Lockdown day38: I actually just counted the days on the calendar, because I barely know what day it is most of the time. That’s 38 days I’ve had my shop closed. 38 days without income. 38 days my staff has no income. As of now, we don’t even know when this will end. And as far as experts are saying, this exact thing will happen again this winter.
Yeah, it’s going to happen again. Only next time it very well could be worse. That puts a lot of us into some strange predicaments. There’s no doubt in my mind that we should be closed, and so should just about every other business. Without efforts to mitigate damage, estimates have put the death toll in America at over 2 million. So, yeah, I’m staying home.
But I’m chomping at the bit. We’re all hurtin for money, our bills keep coming in, and even the shit that’s deferred or the utilities that won’t get disconnected during this time will still want their money. Some of them won’t even wait, and they’ll expect it as soon as you go back to work.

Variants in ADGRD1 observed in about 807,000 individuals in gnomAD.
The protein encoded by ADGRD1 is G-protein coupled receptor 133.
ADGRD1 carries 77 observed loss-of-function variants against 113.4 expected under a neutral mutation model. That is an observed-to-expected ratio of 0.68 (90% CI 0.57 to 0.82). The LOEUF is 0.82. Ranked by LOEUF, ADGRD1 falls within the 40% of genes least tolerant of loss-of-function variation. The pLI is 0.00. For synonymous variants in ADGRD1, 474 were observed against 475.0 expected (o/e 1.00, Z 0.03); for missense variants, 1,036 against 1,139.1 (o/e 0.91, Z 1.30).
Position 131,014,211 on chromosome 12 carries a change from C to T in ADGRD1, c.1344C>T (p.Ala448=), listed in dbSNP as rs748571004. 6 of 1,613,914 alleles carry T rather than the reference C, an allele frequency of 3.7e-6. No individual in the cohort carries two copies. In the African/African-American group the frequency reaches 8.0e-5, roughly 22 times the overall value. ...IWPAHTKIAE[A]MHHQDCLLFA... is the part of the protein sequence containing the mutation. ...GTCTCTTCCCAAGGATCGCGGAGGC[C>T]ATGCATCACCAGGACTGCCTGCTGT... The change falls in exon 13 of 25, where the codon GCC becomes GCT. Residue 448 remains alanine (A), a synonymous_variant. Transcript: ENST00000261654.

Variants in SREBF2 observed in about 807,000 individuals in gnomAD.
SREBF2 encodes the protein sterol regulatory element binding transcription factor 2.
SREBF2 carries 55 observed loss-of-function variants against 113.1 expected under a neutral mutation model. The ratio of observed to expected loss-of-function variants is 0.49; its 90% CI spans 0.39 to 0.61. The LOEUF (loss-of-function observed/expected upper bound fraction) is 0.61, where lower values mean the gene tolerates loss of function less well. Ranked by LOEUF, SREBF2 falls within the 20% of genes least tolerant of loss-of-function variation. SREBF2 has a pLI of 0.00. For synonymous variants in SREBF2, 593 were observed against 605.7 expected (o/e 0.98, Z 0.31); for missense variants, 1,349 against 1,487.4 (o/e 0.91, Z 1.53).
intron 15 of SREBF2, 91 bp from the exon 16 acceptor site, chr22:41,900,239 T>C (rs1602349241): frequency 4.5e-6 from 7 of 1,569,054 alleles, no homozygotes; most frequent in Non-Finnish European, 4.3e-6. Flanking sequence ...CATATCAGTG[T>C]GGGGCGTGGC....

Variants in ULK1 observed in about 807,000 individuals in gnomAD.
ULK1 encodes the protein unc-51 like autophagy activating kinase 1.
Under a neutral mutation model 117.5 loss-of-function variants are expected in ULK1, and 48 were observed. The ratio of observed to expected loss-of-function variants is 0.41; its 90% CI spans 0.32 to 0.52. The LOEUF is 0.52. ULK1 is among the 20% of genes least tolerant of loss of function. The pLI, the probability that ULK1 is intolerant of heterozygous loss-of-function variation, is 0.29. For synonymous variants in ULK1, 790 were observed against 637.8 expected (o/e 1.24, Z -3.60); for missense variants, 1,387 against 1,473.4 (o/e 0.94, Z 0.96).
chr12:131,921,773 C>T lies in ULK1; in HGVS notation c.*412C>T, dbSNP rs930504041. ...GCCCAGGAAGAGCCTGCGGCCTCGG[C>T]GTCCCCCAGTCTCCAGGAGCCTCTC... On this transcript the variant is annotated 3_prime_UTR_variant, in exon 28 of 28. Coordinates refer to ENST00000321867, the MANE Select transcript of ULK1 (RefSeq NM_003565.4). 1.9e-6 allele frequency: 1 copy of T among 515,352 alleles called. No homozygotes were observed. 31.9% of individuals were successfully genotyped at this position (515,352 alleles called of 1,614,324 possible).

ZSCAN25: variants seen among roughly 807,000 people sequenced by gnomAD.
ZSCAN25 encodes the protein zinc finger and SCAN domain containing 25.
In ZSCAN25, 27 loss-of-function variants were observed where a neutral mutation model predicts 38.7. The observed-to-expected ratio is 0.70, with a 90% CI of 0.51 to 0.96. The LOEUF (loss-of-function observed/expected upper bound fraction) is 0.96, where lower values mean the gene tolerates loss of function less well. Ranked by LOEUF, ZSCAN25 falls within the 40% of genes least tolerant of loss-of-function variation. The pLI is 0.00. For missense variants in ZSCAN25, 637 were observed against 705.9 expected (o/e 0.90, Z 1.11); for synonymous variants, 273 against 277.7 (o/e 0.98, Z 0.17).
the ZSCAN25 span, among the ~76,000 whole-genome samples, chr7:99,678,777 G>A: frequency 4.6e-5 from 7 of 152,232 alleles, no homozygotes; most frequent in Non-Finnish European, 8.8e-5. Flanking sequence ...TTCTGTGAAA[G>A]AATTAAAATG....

In the same breath, I’m fuckin terrified to go back. God knows how bad shit could actually get, and while I trust my own sanitary behavior, I have zero faith in the general public. People are animals. But hey, just like millions of others, I’ll go back to work because I don’t have the luxury of choice right now.
*side note: I’msuperADD, and I had to google what a million people looked like when I mentioned it. It’s kind of crazy.
And luxury is a key word. The first businesses to open are ones whose workers are most affected by the shutdown. And while this may sound good, like “cool, we’re going back to work,” it’s actually the exact opposite. We’ll be going back to work before the pandemic is over, and the flood of people back into social settings will just cause a spike in cases, hospitalizations, and deaths.